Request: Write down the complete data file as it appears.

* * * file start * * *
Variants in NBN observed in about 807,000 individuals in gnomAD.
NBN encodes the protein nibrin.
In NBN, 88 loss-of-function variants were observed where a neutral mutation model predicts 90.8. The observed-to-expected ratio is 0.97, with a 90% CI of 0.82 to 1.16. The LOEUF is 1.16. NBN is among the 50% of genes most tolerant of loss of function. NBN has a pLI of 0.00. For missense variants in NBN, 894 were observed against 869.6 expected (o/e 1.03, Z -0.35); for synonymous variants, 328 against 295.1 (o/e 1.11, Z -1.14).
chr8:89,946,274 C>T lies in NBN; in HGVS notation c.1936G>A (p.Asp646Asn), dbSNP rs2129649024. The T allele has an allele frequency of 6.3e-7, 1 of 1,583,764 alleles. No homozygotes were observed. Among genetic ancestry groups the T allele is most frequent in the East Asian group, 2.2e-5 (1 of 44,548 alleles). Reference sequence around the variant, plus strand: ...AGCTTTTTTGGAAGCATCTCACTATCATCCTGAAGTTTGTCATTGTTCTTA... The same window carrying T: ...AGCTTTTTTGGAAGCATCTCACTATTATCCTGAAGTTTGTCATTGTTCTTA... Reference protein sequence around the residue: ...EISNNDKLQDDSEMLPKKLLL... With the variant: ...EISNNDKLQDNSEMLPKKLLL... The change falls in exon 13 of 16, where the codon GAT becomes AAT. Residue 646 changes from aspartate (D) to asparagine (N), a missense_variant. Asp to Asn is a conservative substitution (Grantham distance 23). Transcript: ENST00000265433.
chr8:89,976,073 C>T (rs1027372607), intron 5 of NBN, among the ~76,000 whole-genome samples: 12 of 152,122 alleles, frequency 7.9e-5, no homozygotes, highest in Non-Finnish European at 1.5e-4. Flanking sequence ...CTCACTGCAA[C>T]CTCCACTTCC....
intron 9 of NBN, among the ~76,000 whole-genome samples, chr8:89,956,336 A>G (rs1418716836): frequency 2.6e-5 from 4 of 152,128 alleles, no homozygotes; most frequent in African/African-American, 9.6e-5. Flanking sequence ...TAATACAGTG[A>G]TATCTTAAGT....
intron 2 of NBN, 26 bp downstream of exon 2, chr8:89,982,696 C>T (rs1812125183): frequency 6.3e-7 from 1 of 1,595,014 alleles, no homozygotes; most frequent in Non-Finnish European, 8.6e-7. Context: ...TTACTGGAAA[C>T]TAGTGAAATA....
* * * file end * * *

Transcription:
Variants in NBN observed in about 807,000 individuals in gnomAD.
NBN encodes the protein nibrin.
In NBN, 88 loss-of-function variants were observed where a neutral mutation model predicts 90.8. The observed-to-expected ratio is 0.97, with a 90% CI of 0.82 to 1.16. The LOEUF is 1.16. NBN is among the 50% of genes most tolerant of loss of function. NBN has a pLI of 0.00. For missense variants in NBN, 894 were observed against 869.6 expected (o/e 1.03, Z -0.35); for synonymous variants, 328 against 295.1 (o/e 1.11, Z -1.14).
chr8:89,946,274 C>T lies in NBN; in HGVS notation c.1936G>A (p.Asp646Asn), dbSNP rs2129649024. The T allele has an allele frequency of 6.3e-7, 1 of 1,583,764 alleles. No homozygotes were observed. Among genetic ancestry groups the T allele is most frequent in the East Asian group, 2.2e-5 (1 of 44,548 alleles). Reference sequence around the variant, plus strand: ...AGCTTTTTTGGAAGCATCTCACTATCATCCTGAAGTTTGTCATTGTTCTTA... The same window carrying T: ...AGCTTTTTTGGAAGCATCTCACTATTATCCTGAAGTTTGTCATTGTTCTTA... Reference protein sequence around the residue: ...EISNNDKLQDDSEMLPKKLLL... With the variant: ...EISNNDKLQDNSEMLPKKLLL... The change falls in exon 13 of 16, where the codon GAT becomes AAT. Residue 646 changes from aspartate (D) to asparagine (N), a missense_variant. Asp to Asn is a conservative substitution (Grantham distance 23). Transcript: ENST00000265433.
chr8:89,976,073 C>T (rs1027372607), intron 5 of NBN, among the ~76,000 whole-genome samples: 12 of 152,122 alleles, frequency 7.9e-5, no homozygotes, highest in Non-Finnish European at 1.5e-4. Flanking sequence ...CTCACTGCAA[C>T]CTCCACTTCC....
intron 9 of NBN, among the ~76,000 whole-genome samples, chr8:89,956,336 A>G (rs1418716836): frequency 2.6e-5 from 4 of 152,128 alleles, no homozygotes; most frequent in African/African-American, 9.6e-5. Flanking sequence ...TAATACAGTG[A>G]TATCTTAAGT....
intron 2 of NBN, 26 bp downstream of exon 2, chr8:89,982,696 C>T (rs1812125183): frequency 6.3e-7 from 1 of 1,595,014 alleles, no homozygotes; most frequent in Non-Finnish European, 8.6e-7. Context: ...TTACTGGAAA[C>T]TAGTGAAATA....